Moving Barkhausen Effect forward

Jan 17, 2013

Almost 100 years after the initial discovery, a team of scientists at the University of Alberta and the National Institute for Nanotechnology in Edmonton have harnessed the Barkhausen Effect as a new kind of high-resolution microscopy for the insides of magnetic materials.

The researchers say the technique has the potential to provide critical information as a rapid prototyper for magnetic computational devices that expand the role of magnetism within computers.

In 1919, Barkhausen discovered the first evidence of (patterns in how the directions of magnetism are organized, which occur inside all ). This marked a milestone in the development of the modern understanding of magnetism.

The Alberta researchers measure the Barkhausen jumps of magnetization for a special 'vortex' pattern, which is scanned around the inside of their sample by the application of magnetic fields.

Analysis of the jumps converts the vortex pattern into a probe of on the scale of billionths of a metre. The analysis was made possible by a model describing the 'stick-slip nature of the jumps; an effect describable previously only in complex .

U of A graduate students Jacob Burgess and Alastair Fraser, from the physics group of of professor Mark Freeman, were co-lead authors of the research paper, appearing in the journal Science, online Jan. 17.

Explore further: Could 'Jedi Putter' be the force golfers need?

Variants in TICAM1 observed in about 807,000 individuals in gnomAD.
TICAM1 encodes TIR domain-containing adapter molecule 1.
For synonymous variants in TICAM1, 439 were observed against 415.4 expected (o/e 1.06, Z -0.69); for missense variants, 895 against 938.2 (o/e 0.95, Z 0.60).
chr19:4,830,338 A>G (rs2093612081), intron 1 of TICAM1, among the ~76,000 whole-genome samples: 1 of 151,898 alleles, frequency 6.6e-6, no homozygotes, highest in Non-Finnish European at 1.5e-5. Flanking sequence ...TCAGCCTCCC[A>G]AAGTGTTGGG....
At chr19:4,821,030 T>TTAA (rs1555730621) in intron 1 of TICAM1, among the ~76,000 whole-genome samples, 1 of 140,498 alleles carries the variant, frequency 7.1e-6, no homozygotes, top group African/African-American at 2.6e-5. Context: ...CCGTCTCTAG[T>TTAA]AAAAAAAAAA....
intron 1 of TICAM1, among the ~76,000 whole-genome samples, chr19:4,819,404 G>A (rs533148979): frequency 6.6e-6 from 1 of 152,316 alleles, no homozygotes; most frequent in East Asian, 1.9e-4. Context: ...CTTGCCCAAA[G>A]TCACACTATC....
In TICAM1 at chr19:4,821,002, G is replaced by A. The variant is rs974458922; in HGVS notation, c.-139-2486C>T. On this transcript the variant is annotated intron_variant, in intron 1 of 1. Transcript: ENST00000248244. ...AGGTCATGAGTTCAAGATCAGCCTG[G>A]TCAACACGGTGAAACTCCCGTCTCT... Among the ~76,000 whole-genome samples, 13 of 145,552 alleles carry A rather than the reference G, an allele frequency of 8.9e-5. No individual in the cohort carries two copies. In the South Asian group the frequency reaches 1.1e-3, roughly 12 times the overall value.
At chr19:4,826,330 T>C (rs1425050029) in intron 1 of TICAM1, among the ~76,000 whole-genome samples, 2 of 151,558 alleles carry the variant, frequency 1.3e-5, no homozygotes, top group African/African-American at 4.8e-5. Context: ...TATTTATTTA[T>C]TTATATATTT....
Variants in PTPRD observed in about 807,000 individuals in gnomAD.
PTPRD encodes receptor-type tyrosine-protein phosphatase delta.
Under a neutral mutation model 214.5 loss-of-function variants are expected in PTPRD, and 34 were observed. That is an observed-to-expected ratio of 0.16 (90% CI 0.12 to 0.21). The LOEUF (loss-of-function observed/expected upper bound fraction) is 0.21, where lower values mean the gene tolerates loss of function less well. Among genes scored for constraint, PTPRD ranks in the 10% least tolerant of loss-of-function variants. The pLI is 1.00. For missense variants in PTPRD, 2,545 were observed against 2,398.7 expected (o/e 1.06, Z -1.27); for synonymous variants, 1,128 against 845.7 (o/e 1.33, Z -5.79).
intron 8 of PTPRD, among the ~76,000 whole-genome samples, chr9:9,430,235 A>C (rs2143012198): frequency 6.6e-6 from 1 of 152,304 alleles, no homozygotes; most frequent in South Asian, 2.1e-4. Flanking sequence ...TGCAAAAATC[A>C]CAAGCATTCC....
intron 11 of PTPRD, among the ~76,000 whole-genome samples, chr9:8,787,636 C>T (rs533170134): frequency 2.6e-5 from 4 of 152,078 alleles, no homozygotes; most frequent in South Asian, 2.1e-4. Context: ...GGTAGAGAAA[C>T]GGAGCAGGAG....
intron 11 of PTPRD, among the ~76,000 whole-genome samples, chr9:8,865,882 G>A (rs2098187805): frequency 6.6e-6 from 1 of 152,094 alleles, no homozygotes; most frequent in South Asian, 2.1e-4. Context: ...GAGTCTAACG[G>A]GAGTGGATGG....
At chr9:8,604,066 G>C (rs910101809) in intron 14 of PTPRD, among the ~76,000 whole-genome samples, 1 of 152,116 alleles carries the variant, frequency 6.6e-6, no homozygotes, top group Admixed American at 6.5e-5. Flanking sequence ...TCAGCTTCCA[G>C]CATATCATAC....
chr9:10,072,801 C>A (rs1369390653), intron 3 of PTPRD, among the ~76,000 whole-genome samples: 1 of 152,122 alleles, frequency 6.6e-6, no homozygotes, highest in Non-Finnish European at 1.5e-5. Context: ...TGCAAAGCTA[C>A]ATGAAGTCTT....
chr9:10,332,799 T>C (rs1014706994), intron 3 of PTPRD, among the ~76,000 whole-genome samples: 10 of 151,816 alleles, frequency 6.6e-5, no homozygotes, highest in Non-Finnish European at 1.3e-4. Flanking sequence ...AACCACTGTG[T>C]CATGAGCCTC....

Related Stories

Physicists discover 'magnetotoroidic effect'

Sep 26, 2011

(PhysOrg.com) -- For many years, scientists have known about the magnetoelectric effect, in which an electric field can induce and control a magnetic field, and vice versa. In this effect, the electric field has always been ...

Unfazed by imperfections

Jul 08, 2011

While insulating against electrical currents in their interior, the surface of materials called topological insulators permits the flow of electron spins relatively unhindered. The almost lossless flow ...

Recommended for you

Could 'Jedi Putter' be the force golfers need?

Apr 18, 2014

Putting is arguably the most important skill in golf; in fact, it's been described as a game within a game. Now a team of Rice engineering students has devised a training putter that offers golfers audio, ...

Better thermal-imaging lens from waste sulfur

Apr 17, 2014

Sulfur left over from refining fossil fuels can be transformed into cheap, lightweight, plastic lenses for infrared devices, including night-vision goggles, a University of Arizona-led international team ...

User comments : 0

More news stories

NASA's space station Robonaut finally getting legs

Robonaut, the first out-of-this-world humanoid, is finally getting its space legs. For three years, Robonaut has had to manage from the waist up. This new pair of legs means the experimental robot—now stuck ...

Ex-Apple chief plans mobile phone for India

Former Apple chief executive John Sculley, whose marketing skills helped bring the personal computer to desktops worldwide, says he plans to launch a mobile phone in India to exploit its still largely untapped ...

Filipino tests negative for Middle East virus

A Filipino nurse who tested positive for the Middle East virus has been found free of infection in a subsequent examination after he returned home, Philippine health officials said Saturday.

Egypt archaeologists find ancient writer's tomb

Egypt's minister of antiquities says a team of Spanish archaeologists has discovered two tombs in the southern part of the country, one of them belonging to a writer and containing a trove of artifacts including reed pens ...